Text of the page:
Foeniculum vulgare Mill. A Medicinal Herb  

Musharaf Khan1 , Shahana Musharaf2
1. Department of Botany, Federal Government College Mardan, Pakistan
2. Government Girls Degree College Sheikh Maltoon, Mardan Pakistan
Author    Correspondence author
Medicinal Plant Research, 2014, Vol. 4, No. 6   doi: 10.5376/mpr.2014.04.0006
Received: 24 Mar., 2014    Accepted: 11 Apr., 2014    Published: 24 Apr., 2014
© 2014 BioPublisher Publishing Platform
This is an open access article published under the terms of the Creative Commons Attribution License, which permits unrestricted use, distribution, and reproduction in any medium, provided the original work is properly cited.
Preferred citation for this article:

Khan and Musharaf, 2014, Foeniculum vulgare Mill. A Medicinal Herb (A Review), Pakistan, Vol.4, No.6 46-54 (doi: 10.5376/mpr.2014.04. 0006)


Foeniculum vulgare .Mill. commonly known as Fennel belonging to the family Apiaceae, is a small, erect and aromatic herb. A number of chemical constituents and various therapeutic effects of this herb have been reported by different workers. Extensive investigations have been carried out on different parts of herb and as a consequence, varied classes of compoundsfatty acids, hydrocarbons and sterols, Fu­rocoumarins; (imperatorin, psoralen, ber­gapten, xanthotoxin and isopimpinellin), Flavonoids; (isorhamnetin 3-O-α-rhamnoside, quercetin and kaempferol) and quercetin; (3-O-rutinoside, kaempferol 3-O-rutinoside and quercetin 3-O- β-glucoside) have been isolated. So, it has been used in ethnomedicine to exploit its medicinal properties including antioxidant, anti-inflammatory, anticancer, antifungal, antibacterial, antinociceptive, anti-inflammatory and antiviral activities. The presented review summarizes the information about the ethnopharmacology, toxicity, phytochemistry and biological activity of F. vulgare.

Foeniculum vulgare; Phytochemistry; Biological and ethnomedicine evaluations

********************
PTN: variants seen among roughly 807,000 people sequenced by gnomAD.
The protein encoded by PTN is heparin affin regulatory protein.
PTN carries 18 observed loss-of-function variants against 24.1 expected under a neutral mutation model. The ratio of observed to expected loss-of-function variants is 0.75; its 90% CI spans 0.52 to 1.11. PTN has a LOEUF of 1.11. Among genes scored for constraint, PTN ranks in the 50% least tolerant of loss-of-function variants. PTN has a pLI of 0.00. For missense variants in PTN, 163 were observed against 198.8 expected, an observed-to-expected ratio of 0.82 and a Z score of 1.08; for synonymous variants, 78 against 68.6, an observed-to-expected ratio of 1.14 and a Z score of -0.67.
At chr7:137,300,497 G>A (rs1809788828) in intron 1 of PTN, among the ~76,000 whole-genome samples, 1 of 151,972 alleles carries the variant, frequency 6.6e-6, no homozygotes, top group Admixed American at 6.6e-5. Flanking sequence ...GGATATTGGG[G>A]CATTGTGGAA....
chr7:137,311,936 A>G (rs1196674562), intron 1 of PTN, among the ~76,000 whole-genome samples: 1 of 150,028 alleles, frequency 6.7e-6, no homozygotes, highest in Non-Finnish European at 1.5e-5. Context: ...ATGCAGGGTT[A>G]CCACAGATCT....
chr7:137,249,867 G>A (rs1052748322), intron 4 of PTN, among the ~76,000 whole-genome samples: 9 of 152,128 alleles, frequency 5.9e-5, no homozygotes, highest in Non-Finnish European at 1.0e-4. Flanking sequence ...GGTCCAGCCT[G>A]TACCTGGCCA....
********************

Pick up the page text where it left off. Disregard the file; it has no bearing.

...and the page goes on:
Foeniculum vulgare belongs to the family Apiaceae and locally known as saunf is an annual, biennial or perennial aromatic herb, depending on the variety, which has been known since antiquity in Europe and Asia Minor. The leaves, stalks and seeds (fruits) of the plant are edible. The plant is an aromatic herb whose fruits are oblong, ellipsoid or cylindrical, straight or slightly curved, greenish or yellowish brown in colour. Each fruit weighs between 6 and 7 mg, has conspicuous vittae, is about 6 mm long and 2 mm wide in central portion. It is grown almost all over the world both as an ornamental and as a seed crop. It can be grown on marginal land and is considered tolerant to various insect pests and diseases. It is well known for having medicinal properties and it is specially used as a remedy measure for flatulence. Although the fennel crop in Pakistan is not grown on commercial scale, yet on account of its medicinal value, the farmers almost all over Pakistan grow on a small scale for their domestic use only. The produce obtained from such small scale cultivation is not sufficient to meet the country requirements and to meet the gap between production and demand (Ayub et al., 2008). F. vulgare grows wildly in the Mediterranean coastal strip, Egypt (Tackholm, l974). Throughout China it is cultivated and adventive; 200~2600 m. (native to the Mediterranean region; cultivated and adventive worldwide) (Hui xiang, 2005). It has been widely used as a folk remedy by the native people for treatment of various inflammatory ail­ments. Chemically, Foeniculum species are characterized by the presence of essential oils (Ozbek et al., 2003), sterols (Ivanov et al., 1979), coumarins (El-Khrisy et al., 1980; Kwon et al., 2002) and flavonoids (Kunzemann et al., 1977; Parejo et al., 2004). Certain bioactivities have been at­tributed to some Foeniculum species; viz, antioxidant and antimicrobial activities for F. vulgare Mill. aerial parts (Ruberto et al., 2000), anti-inflammatory and analgesic ac­tivities for the fruits of the same plant (Eun and Jae, 2004). Volatiles reported from the fruits of F. vulgare com­prise anethol, methyl chavicol, fenchone and limonene (Muckensturm et al., 1997), as well as piperitenone and piperitenone oxi-de (Badoc et al., 1994). Chlorogenic acid (Ishikawa et al., 1999), caffeic acid and cynarin (Scarpati, 1957) have also been isolated from the plant. Much work has recently been done on the yield and composition of both extracts and volatile oils of fennel of several varieties from several locations (Akgül and Bayrak, 1988; Arslan et al., 1989; Embong et al., 1977; Katsiotis, 1988; Miura et al., 1986; Venskutonis et al., 1996; Verghese, 1988). The purpose of this review was to summarizes the information concerning the botany, ethnopharmacology query, phytochemistry, biological activity and toxicity of F. vulgare plant.